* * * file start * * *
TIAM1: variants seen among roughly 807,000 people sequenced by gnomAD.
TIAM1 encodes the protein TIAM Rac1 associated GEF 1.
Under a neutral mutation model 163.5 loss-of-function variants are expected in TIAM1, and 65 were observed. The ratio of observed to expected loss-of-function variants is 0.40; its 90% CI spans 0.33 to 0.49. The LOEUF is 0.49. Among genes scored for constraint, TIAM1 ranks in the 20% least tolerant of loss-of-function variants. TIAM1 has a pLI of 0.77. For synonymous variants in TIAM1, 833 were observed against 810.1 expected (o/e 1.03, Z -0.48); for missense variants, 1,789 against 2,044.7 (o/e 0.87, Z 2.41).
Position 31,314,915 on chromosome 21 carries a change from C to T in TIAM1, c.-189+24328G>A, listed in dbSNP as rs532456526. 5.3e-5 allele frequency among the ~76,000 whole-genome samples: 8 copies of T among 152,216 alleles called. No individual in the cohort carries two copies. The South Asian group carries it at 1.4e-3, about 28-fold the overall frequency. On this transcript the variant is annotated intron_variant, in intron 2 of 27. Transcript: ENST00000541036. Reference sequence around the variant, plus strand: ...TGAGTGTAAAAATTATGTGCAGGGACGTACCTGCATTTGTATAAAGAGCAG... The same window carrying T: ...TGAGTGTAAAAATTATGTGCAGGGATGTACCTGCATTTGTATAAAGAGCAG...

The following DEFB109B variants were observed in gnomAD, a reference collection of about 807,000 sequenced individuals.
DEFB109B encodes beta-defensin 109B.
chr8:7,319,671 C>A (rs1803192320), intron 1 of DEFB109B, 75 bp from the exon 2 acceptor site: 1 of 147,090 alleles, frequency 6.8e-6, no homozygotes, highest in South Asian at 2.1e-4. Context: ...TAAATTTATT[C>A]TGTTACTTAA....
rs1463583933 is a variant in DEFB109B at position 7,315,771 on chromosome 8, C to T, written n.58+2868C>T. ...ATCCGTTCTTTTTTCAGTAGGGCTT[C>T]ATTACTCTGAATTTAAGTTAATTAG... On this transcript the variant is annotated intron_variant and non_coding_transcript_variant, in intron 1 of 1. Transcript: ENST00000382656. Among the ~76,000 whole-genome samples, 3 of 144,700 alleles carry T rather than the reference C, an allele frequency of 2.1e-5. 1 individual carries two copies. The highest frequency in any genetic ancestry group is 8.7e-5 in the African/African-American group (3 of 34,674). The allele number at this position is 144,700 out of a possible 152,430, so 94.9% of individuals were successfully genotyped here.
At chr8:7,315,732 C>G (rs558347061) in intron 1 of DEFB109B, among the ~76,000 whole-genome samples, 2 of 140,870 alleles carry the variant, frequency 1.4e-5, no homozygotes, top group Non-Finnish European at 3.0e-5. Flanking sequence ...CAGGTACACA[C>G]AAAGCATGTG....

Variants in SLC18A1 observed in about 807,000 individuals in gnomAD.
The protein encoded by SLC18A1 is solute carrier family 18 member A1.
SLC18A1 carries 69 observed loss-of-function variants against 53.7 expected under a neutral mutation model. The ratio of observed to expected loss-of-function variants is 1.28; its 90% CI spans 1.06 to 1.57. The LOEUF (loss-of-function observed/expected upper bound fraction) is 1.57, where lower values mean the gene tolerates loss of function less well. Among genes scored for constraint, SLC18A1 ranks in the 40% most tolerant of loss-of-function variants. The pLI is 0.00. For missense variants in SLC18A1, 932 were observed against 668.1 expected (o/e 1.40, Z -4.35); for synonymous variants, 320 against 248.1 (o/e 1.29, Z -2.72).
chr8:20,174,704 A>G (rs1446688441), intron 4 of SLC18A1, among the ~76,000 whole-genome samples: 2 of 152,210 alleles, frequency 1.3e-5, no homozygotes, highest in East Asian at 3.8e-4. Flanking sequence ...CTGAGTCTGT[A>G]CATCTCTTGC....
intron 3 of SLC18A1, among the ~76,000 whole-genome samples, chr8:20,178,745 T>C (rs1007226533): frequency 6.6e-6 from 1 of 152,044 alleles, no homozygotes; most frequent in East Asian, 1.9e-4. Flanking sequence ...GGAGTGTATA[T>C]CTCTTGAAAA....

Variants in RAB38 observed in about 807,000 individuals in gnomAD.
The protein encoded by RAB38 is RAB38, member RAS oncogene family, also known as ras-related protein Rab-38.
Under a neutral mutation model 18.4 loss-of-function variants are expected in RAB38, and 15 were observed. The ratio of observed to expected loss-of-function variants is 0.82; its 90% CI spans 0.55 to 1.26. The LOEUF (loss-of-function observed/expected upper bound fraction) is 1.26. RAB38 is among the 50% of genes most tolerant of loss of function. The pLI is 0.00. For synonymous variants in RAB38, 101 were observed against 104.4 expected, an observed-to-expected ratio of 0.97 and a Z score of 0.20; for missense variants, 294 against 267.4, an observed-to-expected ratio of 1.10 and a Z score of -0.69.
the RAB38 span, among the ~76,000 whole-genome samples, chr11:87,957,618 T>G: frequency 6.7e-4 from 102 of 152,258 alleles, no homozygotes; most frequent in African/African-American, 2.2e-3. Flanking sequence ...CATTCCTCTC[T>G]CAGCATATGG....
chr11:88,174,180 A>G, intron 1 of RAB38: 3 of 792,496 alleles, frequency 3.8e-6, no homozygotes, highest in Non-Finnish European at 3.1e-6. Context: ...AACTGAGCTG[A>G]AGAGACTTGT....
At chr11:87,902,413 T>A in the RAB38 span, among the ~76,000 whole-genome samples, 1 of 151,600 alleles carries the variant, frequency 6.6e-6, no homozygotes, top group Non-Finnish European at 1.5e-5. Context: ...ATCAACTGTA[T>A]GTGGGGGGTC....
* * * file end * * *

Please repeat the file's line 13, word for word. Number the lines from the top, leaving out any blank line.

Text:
chr8:20,174,704 A>G (rs1446688441), intron 4 of SLC18A1, among the ~76,000 whole-genome samples: 2 of 152,210 alleles, frequency 1.3e-5, no homozygotes, highest in East Asian at 3.8e-4. Flanking sequence ...CTGAGTCTGT[A>G]CATCTCTTGC....